Trying to appease. Netanyahu
Photo: Reuters
Will not get all his demands. Lieberman
Photo: Gil Yohanan

Netanyahu, Lieberman meet in 'high spirits'

Prime Minister's Office says two-hour tête-à-tête with foreign minister was 'positive' despite growing tensions over conversion bill, biennial budget; Lieberman says his party will not leave coalition, but demands must be met

In an effort to calm mounting tensions, Prime Minister Benjamin Netanyahu and Foreign Minister Avigdor Lieberman met Monday night at the Prime Minister's Residence in Jerusalem.


After a private two-hour meeting, the Prime Minister's Office issued a statement saying, "The meeting was held in positive spirits, in order to bolster their cooperation on all matters."


Netanyahu and Lieberman attempted to reach an understanding following last week's disagreement surrounding the biennial budget and the conversion bill.

Lieberman arrives at PM's house (Photo: Gil Yohanan)


According to estimates, the two will reach an agreement though Lieberman is fully aware that not all of his demands – which include billions of shekels allocated to ministries under his party members' control – will be met.


During a press conference on Monday, Lieberman called the budget meeting a "planned political ambush." He reiterated that his party "has no intention of quitting the government," but emphasized that they do not intend to give up their demands.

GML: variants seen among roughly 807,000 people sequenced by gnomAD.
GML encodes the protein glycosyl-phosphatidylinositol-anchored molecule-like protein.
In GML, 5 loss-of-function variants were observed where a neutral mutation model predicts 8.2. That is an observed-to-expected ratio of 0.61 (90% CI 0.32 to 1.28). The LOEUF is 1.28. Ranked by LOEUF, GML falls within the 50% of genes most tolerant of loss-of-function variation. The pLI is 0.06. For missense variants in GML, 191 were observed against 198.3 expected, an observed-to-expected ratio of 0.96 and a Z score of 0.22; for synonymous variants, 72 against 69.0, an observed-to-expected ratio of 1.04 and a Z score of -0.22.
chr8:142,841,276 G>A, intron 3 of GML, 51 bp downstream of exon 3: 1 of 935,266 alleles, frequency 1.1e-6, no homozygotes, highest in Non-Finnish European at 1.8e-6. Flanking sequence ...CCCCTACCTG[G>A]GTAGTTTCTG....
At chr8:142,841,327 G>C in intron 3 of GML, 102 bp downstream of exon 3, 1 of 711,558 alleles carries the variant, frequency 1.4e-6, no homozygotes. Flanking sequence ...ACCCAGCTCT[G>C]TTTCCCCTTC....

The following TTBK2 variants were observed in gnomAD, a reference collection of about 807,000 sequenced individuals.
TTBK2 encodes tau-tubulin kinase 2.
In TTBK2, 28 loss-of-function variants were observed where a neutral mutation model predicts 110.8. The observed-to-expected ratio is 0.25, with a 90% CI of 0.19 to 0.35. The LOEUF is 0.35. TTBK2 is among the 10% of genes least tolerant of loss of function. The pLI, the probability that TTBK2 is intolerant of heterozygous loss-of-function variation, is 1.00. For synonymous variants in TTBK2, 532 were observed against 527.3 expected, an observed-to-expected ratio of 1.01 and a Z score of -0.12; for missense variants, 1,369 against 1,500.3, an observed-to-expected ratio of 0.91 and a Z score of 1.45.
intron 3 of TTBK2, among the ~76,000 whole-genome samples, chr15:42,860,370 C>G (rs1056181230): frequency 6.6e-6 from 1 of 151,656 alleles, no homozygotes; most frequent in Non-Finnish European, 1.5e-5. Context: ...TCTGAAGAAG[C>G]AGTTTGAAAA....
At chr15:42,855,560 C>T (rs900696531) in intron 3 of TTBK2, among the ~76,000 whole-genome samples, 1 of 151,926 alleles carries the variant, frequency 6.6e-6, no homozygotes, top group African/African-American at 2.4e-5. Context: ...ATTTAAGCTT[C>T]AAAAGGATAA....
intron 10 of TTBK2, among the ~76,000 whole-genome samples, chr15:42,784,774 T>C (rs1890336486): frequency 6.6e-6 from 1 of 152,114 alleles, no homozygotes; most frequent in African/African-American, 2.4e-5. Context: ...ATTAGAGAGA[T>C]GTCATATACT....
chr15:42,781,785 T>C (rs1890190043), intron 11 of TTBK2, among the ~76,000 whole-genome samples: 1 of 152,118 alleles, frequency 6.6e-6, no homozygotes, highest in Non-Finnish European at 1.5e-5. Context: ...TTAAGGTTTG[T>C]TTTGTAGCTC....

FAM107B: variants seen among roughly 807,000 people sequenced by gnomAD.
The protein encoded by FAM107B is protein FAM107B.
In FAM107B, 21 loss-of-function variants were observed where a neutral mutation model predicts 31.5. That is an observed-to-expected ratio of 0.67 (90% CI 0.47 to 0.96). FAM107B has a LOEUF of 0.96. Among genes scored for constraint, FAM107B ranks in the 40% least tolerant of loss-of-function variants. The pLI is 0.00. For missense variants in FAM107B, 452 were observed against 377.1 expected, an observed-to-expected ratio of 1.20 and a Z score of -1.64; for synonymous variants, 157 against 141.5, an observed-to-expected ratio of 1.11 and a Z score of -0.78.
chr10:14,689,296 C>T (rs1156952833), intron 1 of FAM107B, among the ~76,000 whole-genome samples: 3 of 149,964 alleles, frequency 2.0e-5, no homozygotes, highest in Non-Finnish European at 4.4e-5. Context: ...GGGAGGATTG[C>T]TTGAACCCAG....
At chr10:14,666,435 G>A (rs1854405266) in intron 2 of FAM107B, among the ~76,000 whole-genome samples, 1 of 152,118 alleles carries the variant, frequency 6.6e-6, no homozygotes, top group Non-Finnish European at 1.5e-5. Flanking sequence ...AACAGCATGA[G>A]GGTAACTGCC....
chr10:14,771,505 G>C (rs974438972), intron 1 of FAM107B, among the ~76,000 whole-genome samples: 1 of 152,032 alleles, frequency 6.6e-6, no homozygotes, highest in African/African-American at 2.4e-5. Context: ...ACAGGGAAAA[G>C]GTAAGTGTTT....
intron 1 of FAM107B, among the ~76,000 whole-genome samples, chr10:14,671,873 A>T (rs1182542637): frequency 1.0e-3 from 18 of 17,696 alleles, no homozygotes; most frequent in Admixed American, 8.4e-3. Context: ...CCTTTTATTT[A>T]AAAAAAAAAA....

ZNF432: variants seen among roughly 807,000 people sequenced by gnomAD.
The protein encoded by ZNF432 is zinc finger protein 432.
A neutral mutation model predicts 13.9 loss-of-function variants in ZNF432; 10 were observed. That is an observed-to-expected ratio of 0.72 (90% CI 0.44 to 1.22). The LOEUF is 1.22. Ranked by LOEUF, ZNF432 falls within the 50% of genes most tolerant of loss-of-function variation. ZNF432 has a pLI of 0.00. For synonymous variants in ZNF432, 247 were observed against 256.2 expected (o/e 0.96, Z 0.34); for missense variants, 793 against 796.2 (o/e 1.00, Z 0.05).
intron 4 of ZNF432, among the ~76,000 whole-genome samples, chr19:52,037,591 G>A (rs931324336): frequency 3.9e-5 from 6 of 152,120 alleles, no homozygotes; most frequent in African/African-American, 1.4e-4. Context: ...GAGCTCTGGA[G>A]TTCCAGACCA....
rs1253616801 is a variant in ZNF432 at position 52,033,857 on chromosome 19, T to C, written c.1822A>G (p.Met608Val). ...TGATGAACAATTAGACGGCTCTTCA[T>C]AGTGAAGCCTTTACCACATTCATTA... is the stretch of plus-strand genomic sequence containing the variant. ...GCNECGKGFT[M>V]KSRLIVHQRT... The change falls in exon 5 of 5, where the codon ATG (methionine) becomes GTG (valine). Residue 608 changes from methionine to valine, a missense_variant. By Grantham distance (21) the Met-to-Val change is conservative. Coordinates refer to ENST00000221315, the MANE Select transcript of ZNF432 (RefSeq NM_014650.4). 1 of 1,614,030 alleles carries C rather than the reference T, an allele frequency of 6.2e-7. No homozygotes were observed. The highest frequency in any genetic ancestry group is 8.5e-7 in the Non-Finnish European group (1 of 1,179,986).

The foreign minister recounted his conversations with Netanyahu. "I spoke with him on Saturday night and yesterday. I don’t understand the Finance Ministry's stubbornness over issues such as these reforms," he said.


Lieberman added that his party will do everything in its power to maintain the coalition in its current makeup until 2013.


The foreign minister reminded the journalists that Yisrael Beiteinu was the first party to sign the coalition agreement, and the only one that objected to the minimum wage bill, as requested by Netanyahu.


"It's inconceivable that we are the first to establish the coalition, and the only ones supporting the PM on the minimum wage bill, but the last ones when it comes to the budget," he added.


Earlier on Sunday, Netanyahu decisively said he had no intention of passing the conversion law – due to pressures from reformist and conservative American Jews.



פרסום ראשון: 07.20.10, 00:39
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